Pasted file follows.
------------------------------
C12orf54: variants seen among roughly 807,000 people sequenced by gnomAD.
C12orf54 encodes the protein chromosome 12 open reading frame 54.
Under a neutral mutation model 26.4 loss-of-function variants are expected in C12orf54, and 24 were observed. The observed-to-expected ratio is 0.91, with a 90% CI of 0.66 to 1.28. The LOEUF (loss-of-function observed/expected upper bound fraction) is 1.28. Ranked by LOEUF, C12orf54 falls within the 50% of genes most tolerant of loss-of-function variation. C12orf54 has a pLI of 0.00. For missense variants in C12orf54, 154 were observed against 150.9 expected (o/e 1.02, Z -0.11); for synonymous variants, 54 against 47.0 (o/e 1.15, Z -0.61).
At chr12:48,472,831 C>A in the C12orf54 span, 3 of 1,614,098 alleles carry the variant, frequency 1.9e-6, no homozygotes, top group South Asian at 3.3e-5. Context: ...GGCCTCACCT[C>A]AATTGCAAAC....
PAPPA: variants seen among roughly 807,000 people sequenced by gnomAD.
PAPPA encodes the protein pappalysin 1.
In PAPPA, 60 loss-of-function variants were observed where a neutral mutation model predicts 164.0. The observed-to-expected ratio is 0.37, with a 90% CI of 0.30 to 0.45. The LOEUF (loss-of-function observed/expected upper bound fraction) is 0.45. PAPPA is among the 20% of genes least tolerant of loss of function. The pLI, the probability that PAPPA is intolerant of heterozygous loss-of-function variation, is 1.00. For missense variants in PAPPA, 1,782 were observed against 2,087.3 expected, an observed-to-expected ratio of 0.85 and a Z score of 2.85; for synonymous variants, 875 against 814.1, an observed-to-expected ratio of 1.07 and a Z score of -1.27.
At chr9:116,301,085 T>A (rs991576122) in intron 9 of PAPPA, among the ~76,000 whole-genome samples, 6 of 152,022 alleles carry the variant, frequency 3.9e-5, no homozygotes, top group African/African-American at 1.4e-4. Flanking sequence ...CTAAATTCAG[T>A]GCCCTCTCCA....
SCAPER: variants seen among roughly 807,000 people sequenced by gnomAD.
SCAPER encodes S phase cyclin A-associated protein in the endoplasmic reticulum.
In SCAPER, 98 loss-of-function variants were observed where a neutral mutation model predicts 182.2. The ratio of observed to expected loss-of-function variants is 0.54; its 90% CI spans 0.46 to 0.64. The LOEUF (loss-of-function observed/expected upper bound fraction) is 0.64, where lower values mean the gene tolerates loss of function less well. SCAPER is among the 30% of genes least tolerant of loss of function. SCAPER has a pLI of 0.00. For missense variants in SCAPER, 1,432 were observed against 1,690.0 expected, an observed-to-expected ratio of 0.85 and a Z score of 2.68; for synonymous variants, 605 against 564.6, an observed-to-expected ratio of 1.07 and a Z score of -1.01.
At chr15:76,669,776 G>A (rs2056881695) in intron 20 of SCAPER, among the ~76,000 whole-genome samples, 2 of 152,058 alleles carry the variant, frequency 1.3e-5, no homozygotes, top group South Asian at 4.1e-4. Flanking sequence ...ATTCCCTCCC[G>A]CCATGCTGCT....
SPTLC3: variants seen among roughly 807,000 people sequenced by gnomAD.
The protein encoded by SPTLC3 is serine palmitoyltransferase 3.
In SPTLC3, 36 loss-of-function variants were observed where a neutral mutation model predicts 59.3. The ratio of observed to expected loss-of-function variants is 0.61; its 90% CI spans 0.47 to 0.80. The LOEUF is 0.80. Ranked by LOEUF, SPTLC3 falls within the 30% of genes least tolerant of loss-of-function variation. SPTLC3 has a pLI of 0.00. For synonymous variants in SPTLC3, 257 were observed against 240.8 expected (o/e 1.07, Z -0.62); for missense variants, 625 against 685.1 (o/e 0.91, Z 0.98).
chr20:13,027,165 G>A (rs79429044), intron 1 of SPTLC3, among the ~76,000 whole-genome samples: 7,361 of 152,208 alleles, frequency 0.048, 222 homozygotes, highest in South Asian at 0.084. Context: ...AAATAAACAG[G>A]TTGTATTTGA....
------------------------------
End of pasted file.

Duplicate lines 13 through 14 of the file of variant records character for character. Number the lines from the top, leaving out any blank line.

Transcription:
SPTLC3: variants seen among roughly 807,000 people sequenced by gnomAD.
The protein encoded by SPTLC3 is serine palmitoyltransferase 3.